Tag: registered heritage


Sam Edwards Update: STILL FIGHTING!

Sam Edwards is still fighting two years after a fire savaged his entire facility including his home, his smoke house, and literally thousands of hams. It was an incredible blow to everyone that is part of the chain — Heritage had thousands of hams on hand that Sam would normally smoke and cure, and an entire network of family farmers who depend on Sam’s business every year was left stranded.

But Sam was quick to make partnerships, and a new league of American curemasters stepped up and entered the high-end Heritage ham market with purebred, pasture-raised hams.

Sam is still trying to rebuild — hold ups from lawyers and insurance companies are keeping his hands tied, but plans for a new facility are already on the table, and Sam is working hard with partners across the South to produce the famous Edwards product.

“I spend a lot of time going to Alabama, Kentucky, Mississippi, North Carolina, checking on our different products with collaborators who are working with our original recipe. I’m thankful for what they are doing for us… It’s not a long-term solution but they are keeping us viable.”

The Edwards hams were more intense before our fire, like the difference between a mild cheese and a sharp cheese…

The one new product to look for is dry-cured Heritage Lamb, hopefully ready for late spring.

“Craig Rogers of Border Spring Farm in VA is providing the lamb… We were rolling it out pre fire, had already tested it and think we found the right recipe and were ready to start shipping when the fire hit, so we are anxious to get that online.”

But the big news is that July is when we’ll be getting to the first batches of new Edwards Surryano Hams that began curing in July of 2017 — the ham that started the revolution.

“After our fire, in 2016, we began sending our hams to a smokehouse in Kentucky to be ready in 2017,” Sam reminds us, “but they burned down in Feb 2017 and we lost 6000 pieces of ham…”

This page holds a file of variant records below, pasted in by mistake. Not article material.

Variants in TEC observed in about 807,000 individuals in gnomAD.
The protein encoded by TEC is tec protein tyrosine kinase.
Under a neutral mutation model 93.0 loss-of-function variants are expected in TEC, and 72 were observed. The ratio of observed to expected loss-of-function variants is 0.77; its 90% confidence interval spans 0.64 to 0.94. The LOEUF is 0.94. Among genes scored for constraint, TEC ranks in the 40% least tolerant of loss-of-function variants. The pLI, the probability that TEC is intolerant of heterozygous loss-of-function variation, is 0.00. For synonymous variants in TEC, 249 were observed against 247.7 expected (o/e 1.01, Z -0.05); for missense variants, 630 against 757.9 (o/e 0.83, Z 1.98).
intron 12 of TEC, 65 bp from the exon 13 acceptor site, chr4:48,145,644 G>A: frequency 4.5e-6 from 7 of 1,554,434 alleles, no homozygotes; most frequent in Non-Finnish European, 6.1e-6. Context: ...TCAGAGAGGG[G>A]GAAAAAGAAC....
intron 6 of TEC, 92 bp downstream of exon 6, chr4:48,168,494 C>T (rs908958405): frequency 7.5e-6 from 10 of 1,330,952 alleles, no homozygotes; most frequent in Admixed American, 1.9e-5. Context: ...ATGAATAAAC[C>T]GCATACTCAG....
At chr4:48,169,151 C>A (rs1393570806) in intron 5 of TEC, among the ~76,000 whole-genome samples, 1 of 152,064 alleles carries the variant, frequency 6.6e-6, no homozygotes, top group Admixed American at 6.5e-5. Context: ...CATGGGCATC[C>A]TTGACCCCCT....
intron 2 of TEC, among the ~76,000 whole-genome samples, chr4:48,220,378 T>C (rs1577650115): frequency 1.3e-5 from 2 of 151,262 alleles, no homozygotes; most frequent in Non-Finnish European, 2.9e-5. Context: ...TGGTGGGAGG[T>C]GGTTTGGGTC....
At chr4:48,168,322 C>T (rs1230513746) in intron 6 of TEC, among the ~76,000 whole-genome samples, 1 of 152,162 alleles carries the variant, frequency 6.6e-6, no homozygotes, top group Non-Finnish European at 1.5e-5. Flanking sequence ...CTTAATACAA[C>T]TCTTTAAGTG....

It’s been an incredible battle to get back up and keep on doing it — Sam is a true hero to us, one of our favorite partners, not to mention a damn nice guy. We can’t wait.

The Perfect Heritage Porterhouse

This from our friend and in-house scribe Mike Edison:

“Check out these pics of the perfect Heritage porterhouse chops. This was the biggest one I ever saw, probably about 17 ounces, and two inches thick. I used the method Zack from Carnevino told me about — you gotta cook it in two shots, and even though it is as thick as a phone book, I nailed it, perfect medium in the center, perfect salty crust without incinerating it. Had it with collard greens I wilted in the pork fat and my favorite Rioja which they sell at my local steak house for three times what I get it for at the bottle shop.”

A reminder to all of our friends who want to “nail” a pork chop, Zack Allen at Carnevino says, “We let it come to room temperature, then we cook it to 90 or 100 degrees, just mark it on both sides and sear the fat cap a bit, then we let it rest for as long as we can – it might go up another 10 – 12 degrees just resting. The key is not trying to cook it all at one time. The second time it goes on a higher section of the grill and we finish it off… we get it to our medium rare.”

Mike adds: “Zach’s idea of hitting it twice is brilliant. I cook in an iron skillet and it’s not easy to cook a steak or chop that thick…this is the perfect pork chop hack. I sear it and then finish it in the broiler. Not for nothing, this is the best tip I ever got.”

Help Us Protect the Healthiest, Most Ethical, and Tastiest Meat Available!

Dear Heritage Foods Supporter,

It has been a tremendous year for Heritage Foods, heritage breeds, and heritage farms.

With success comes challenges: Right now there is a movement in the commercial food industry to change the definition of the word “heritage,” and attempt to lay claim to the very thing that has defined us and sustained our farmers since we began selling heritage breeds in 2001.

It’s funny that “heritage,” a word that meant little to big business when we started, is suddenly so appealing.

The definition of “heritage” is simple, and tied to a proud history:

HERITAGE livestock and poultry are purebred genetic lines that can be traced back unchanged to an original herd or flock prior to the beginning of industrial farming.

There is no such thing as a new heritage breed. We understand trendy marketing, but “heritage” means something significant to us, to our farmers, to our customers, and to our industry.

As we look to 2018, we will continue to fight for genuine heritage farms and breeds.